The ‘pre-COP’ conference will be attended by representatives from all regions of the world and will be broken down into four themes: the ambitions of the climate conference, acknowledgement of each country’s different responsibilities and capacities, the actions needed, and climate financing to poor countries beyond 2020.
On this last aspect–which has proven to be a divisive issue–the UN’s Green Climate Fund announced on Friday that it had approved $168 million (155 million euros) for eight projects in countries including Peru, Malawi, Senegal, Bangladesh, Fiji and the Maldives.
The money is to help them make the leap from cheap and abundant fossil fuels to renewable energy against the effects of climate change, such as superstorms, drought, floods and rising sea-levels.
“With climate finance being a critical element of global climate talks, the approval of the first project proposals marks a major trust-building measure between developing and developed countries,” the fund said on Friday.
Forging a global pact to reduce carbon emmissions will not be achieved unless developing countries are given the means to adopt energy-efficient practices, President François Hollande has said in recent weeks.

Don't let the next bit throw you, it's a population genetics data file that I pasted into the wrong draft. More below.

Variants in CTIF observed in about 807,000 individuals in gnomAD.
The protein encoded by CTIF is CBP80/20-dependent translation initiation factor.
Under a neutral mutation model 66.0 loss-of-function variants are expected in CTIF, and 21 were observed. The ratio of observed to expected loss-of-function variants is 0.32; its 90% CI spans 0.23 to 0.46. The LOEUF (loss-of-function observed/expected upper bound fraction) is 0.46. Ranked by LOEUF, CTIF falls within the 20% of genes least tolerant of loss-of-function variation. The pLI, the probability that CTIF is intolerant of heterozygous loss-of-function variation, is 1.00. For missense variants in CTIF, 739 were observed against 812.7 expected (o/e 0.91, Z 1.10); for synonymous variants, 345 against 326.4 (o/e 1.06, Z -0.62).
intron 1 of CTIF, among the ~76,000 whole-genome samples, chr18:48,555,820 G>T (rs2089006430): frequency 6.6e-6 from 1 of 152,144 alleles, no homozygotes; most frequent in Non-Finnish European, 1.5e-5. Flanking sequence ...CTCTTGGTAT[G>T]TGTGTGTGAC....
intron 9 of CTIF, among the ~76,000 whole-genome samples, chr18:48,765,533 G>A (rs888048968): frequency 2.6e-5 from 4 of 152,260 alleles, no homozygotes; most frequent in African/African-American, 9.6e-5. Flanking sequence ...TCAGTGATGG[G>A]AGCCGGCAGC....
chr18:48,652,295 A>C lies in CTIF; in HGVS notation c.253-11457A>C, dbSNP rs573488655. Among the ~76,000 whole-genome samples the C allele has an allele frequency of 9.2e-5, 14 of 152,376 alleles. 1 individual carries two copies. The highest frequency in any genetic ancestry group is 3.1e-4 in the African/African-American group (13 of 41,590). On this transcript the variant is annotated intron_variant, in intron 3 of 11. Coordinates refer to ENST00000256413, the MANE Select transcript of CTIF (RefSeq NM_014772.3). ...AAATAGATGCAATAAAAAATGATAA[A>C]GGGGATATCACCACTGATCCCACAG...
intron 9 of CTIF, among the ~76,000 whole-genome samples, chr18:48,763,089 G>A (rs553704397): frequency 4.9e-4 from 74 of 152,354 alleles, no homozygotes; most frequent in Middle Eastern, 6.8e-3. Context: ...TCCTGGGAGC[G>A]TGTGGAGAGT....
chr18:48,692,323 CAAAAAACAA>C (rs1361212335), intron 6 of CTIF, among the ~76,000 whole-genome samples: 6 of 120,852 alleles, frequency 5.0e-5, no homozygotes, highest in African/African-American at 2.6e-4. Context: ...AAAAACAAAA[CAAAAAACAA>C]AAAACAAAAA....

Six years after the failure of climate talks at Copenhagen, the Paris Climate conference is seen as a last-ditch attempt for the world to avoid a collision course with nature by bringing global temperatures to below 2C.
But, the UN says the world is only half way to reaching its emissions target with current pledges. This perhaps explains why French leaders are taking no chances to ensure that COP 21 is a success.
During the forthcoming pre-rehearsal, stakeholders will be grilled on thirty questions on how they plan to reduce their carbon emissions.
“The aim is not to renegotiate the text that was signed during the last session of formal negotiations,” French Foreign minister Laurent Fabius said. “The aim is to come up with an agreement on the widest range of options possible,” he concluded.
Source: rfi afrique